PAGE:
Sharia law has been used not only to maintain a traditional society, but as a justification for the unequal treatment of women in several Islamic republics. In 1981, the UN General Assembly adopted The Convention on the Elimination of All Forms of Discrimination against Women (CEDAW). Its aim was simple: end discrimination against women and promote universal legal equality between the sexes. It is regarded as one of the most important international agreements for the promotion of gender equality and the empowerment of women. Unfortunately, it is also the human rights convention with the greatest number of reservations. Reservations within international law allow a country to encourage ratification of a treaty but exempt them from any articles they wish to not be legally bound by. 15 states, such as Bahrain, Egypt, and Kuwait, cited Sharia law as the sole reason for reservations within the convention. This allowed them to reject parts of the convention that they viewed as contradictory to Islam. The most popular article that Islamic states issued reservations for was Article 16, which set out to accomplish equality between the sexes within family life, marriage, and divorce, particularly concerning property rights, inheritance, and children. Additionally, it forbids child marriage.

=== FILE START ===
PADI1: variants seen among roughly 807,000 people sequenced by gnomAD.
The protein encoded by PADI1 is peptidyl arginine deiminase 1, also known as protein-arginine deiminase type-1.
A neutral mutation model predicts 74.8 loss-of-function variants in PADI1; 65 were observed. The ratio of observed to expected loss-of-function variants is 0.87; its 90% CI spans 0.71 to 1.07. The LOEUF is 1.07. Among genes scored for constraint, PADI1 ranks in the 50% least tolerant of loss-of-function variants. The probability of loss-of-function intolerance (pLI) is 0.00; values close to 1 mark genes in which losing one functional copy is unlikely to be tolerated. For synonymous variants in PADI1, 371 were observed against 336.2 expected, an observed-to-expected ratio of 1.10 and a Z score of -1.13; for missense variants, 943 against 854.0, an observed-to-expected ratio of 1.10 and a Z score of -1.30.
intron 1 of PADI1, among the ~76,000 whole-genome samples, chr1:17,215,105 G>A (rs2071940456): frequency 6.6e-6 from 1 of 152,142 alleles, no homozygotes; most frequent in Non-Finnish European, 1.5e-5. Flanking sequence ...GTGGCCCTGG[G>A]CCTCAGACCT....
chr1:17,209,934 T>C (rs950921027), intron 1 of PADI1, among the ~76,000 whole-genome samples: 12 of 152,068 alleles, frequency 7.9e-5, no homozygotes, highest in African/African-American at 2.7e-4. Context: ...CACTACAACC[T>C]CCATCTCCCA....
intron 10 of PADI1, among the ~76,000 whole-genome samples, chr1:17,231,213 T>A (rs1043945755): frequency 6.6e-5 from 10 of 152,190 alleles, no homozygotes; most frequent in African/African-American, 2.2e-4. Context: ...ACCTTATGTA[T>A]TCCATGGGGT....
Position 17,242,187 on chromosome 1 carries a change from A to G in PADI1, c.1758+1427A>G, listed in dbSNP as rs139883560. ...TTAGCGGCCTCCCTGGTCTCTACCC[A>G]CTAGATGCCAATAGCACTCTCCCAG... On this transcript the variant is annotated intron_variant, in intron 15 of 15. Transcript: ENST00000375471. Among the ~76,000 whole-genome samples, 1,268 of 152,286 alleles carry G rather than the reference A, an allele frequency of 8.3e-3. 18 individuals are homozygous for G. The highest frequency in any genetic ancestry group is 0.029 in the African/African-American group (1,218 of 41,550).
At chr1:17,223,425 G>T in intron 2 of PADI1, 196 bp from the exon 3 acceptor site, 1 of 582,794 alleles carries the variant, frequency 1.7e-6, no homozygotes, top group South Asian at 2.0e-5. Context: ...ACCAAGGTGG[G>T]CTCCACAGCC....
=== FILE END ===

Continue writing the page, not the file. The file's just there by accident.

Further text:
There is a general consensus by human rights activists about the importance of Article 16, as the Girls Rights Platform has pointed out: “Reservations to this article have broad consequences… including forced sex/rape, early pregnancy, access to contraception, and child marriage.” Yet, Sharia law is used as a justification for not allowing women these rights, which is antithetical to the goals of the convention. Egypt requested a reservation to Article 16, saying “Sharia lay down that the husband shall pay bridal money to the wife and maintain her fully, Sharia therefore restricts the wife's rights to divorce by making it contingent on a judge's ruling.” The United Nations issued a statement in response claiming that, even if religiously rooted, reservations to Article 16 are “incompatible with the Convention”. Thus, Sharia law was used as a tool to exploit religion in order to justify the avoidance of being legally bound by legislation that would promote progressivism, despite the fact that the Quran gives women equal rights and aligns with several aspects of Article 16.
Sharia law has also proven to be incredibly conservative in regard to sexuality. Recently, the nation of Brunei launched a series of new laws including the forbidding of sex between two men, and adultery. The punishment for these crimes is death by stoning. Brunei adopted Sharia law as the country’s legal system in 2014 and has implemented the law as part of its Sharia penal code at the national level. International condemnation has flooded Brunei since the law’s announcement, and the United Nations described the law as “cruel and inhumane.” Additionally, it is now illegal to practice, promote, or proselytize any religion besides Islam. This is in direct contradiction with Article 18 of the Universal Declaration of Human Rights, which states that any individual has the right to practice any religion, educate others about their religion, and to change their religion at any point.